Friday, November 23, 2018

Lebanon has been warned - Itzhak Levanon

by Itzhak Levanon

-- if Beirut continues to side with the Shiite terrorist group, an Israeli strike in Lebanon may prove inevitable.

Prime Minister Benjamin Netanyahu's vague statement in ‎Paris last week on is meeting with Russian President ‎Vladimir Putin indicated that Moscow's ire over the Sept. 17 ‎downing of a Russian plane by Syrian air defenses trying to ‎counter and Israeli airstrike has yet to subside. ‎

It also indicated that Israel's policy in Syria has become ‎more prudent, and to a great extent, the public threats ‎against Syria have been replaced with quiet threats against ‎Lebanon.

French National Security Adviser Orléan la-Chevalier visited ‎Israel two weeks ago, ahead of a visit to Beirut. According ‎to Lebanon's al-Akhbar newspaper, which is affiliated with ‎Hezbollah, in his meetings with Lebanese officials, the ‎French envoy relayed Israeli warnings saying that unless ‎Beirut stops Hezbollah from getting Iranian weapons ‎shipments, Israel would have no choice but to target ‎Hezbollah assets in Lebanon.‎

Hezbollah learned of this almost immediately, which is not ‎surprising considering Lebanese President Michel Aoun's ‎affinity with the Shiite terrorist group, and Hezbollah leader ‎Hassan Nasrallah was quick to respond with threats of his ‎own, saying any Israeli strike would meet a forceful ‎response. ‎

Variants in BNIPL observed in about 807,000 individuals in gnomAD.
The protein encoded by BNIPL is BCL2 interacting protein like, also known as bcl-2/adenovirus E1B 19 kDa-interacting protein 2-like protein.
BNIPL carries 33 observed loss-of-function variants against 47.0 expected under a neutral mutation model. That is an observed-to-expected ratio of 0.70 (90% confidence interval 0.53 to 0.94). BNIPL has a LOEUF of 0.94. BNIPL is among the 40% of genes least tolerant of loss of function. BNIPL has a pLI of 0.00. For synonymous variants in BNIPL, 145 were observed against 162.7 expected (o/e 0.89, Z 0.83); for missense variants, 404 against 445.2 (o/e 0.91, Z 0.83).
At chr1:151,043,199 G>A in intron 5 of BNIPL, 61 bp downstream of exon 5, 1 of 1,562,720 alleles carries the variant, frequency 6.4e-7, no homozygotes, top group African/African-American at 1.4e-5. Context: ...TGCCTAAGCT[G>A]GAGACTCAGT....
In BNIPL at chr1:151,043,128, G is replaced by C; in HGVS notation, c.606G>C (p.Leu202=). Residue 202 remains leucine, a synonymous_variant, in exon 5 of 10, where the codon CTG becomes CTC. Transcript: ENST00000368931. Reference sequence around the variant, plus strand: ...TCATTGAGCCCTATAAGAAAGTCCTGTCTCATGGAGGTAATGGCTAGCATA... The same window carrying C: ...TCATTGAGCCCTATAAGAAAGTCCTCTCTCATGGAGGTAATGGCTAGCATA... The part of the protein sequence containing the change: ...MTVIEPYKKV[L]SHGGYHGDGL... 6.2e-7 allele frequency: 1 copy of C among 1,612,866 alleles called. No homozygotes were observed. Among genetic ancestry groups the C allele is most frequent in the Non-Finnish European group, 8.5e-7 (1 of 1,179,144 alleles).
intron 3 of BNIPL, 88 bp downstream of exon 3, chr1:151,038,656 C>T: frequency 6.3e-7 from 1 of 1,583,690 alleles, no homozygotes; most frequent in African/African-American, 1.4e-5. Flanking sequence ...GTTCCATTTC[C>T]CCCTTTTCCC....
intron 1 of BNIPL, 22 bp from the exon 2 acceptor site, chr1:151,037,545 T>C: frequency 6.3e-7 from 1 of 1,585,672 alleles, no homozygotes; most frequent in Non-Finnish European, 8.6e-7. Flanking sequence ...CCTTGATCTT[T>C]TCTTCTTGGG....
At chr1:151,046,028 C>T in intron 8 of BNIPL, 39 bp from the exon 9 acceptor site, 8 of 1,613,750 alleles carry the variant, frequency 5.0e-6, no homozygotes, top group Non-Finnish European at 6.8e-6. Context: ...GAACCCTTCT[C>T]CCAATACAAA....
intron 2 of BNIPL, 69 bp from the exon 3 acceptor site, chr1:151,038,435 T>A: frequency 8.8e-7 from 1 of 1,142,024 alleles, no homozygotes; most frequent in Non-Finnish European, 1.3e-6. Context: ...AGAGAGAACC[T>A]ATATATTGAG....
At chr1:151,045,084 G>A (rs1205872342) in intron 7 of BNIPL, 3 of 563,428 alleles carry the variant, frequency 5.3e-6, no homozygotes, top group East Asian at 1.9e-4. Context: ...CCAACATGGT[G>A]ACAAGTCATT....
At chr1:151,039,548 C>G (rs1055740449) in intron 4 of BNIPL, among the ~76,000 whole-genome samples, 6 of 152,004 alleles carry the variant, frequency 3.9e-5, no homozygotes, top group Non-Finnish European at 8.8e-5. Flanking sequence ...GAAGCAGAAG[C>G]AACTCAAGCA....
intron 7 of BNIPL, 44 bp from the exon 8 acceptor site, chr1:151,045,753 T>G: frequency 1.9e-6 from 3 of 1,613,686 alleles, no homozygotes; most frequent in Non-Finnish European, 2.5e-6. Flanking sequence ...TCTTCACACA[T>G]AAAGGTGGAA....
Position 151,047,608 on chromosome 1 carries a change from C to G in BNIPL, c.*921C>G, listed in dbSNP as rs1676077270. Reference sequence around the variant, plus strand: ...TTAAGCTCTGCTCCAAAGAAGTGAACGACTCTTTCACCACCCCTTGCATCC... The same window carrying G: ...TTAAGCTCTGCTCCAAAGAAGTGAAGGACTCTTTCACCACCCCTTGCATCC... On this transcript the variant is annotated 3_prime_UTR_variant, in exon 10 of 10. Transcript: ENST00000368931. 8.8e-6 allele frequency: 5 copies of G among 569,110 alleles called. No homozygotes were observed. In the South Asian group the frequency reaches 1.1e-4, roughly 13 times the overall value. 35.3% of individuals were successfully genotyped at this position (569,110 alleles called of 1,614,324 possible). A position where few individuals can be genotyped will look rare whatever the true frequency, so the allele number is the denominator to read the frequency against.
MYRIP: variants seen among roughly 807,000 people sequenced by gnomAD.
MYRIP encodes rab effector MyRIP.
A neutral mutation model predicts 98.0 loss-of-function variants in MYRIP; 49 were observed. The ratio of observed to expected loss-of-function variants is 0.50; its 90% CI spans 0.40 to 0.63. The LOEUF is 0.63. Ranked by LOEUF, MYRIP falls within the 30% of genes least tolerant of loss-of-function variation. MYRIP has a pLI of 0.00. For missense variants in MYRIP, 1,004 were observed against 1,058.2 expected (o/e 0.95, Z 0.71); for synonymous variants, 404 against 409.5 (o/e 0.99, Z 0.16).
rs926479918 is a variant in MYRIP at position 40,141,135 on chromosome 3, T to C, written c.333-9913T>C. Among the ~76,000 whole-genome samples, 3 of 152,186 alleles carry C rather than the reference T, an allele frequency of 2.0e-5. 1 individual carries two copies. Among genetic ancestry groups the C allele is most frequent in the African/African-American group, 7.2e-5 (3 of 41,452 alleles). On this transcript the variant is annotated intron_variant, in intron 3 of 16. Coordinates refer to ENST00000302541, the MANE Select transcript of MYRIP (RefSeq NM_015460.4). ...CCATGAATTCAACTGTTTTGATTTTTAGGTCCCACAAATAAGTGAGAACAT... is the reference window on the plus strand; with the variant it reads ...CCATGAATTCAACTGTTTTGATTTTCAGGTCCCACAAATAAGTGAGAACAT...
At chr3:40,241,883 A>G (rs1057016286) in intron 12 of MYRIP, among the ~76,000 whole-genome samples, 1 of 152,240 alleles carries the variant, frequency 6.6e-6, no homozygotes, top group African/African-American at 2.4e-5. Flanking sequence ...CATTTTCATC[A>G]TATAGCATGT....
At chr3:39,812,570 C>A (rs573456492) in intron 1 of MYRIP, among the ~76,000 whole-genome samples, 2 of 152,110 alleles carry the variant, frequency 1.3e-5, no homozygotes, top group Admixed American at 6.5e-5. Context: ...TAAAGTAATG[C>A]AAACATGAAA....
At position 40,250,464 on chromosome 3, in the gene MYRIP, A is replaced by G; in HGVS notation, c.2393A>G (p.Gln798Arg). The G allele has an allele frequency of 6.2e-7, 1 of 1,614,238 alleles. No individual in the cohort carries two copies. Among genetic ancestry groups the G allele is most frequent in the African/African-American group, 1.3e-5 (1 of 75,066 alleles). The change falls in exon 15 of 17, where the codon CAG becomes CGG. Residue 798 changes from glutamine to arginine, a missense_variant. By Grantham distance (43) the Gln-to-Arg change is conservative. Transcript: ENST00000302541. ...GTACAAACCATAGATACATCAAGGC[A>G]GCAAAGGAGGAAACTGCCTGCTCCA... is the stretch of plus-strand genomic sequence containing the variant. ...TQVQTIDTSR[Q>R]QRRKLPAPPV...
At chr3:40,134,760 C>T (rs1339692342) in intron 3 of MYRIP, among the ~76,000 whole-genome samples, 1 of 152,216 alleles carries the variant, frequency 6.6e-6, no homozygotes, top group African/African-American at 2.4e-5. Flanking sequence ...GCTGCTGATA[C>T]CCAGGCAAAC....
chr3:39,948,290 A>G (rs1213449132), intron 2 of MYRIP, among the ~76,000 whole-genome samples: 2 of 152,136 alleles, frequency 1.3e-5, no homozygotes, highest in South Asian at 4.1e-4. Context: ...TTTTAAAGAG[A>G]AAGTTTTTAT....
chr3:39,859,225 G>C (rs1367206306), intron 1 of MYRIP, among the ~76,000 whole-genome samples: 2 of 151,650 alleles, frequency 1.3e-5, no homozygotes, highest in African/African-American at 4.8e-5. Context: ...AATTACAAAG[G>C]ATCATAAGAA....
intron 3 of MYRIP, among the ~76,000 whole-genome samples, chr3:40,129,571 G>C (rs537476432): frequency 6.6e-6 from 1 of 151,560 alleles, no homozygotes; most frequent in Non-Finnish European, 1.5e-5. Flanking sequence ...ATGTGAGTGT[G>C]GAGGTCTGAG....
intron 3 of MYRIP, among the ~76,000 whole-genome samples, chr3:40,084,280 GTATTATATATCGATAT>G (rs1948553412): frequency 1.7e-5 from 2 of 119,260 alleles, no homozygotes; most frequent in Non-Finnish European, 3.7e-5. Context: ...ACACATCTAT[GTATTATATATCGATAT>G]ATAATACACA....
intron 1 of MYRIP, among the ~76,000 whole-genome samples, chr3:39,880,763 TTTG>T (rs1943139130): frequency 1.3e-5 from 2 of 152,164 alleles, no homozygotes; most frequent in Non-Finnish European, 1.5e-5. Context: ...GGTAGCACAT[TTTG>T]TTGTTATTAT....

This is not the only example of the close ties Beirut ‎maintains with Hezbollah. Several Lebanese MPs and even ‎the country's chief of staff have stated that if another war ‎breaks out between Hezbollah and Israel, Lebanon's army ‎will fight alongside the Shiite terrorist group, which wields ‎considerable political power in the country. ‎

Moreover, Lebanon knows that Hezbollah strives to improve ‎the accuracy of its missiles and is doing nothing to stop it, ‎and in all honesty, Israel knows that the Lebanese ‎government or military cannot really prevent Hezbollah from ‎getting its hands on Iranian weapons, as even if all the ‎ethnic and political powers in Lebanon came together, they ‎would still be unable to counter Hezbollah's military might.‎

Hezbollah has gained significant political clout in Lebanon, ‎even winning a majority in May's parliamentary elections. ‎Add to that the fact that the Lebanese army no longer ‎bothers to conceal its collaboration with the group, and you ‎have an overtly hostile neighbor in the north.‎

All Israel can do at this point is follow through on the ‎warnings it conveyed via the French envoy. Strategically, ‎making things right with Russia outweighs engaging in a ‎limited conflict with Hezbollah. The latter is still deterred ‎enough to contain an Israeli strike, if one proves necessary.‎

Having relayed its message using back channels, Israel ‎must now make its position public so both official and ‎unofficial Lebanon understands – it has been warned.‎

Itzhak Levanon is the former Israeli ambassador to Egypt.


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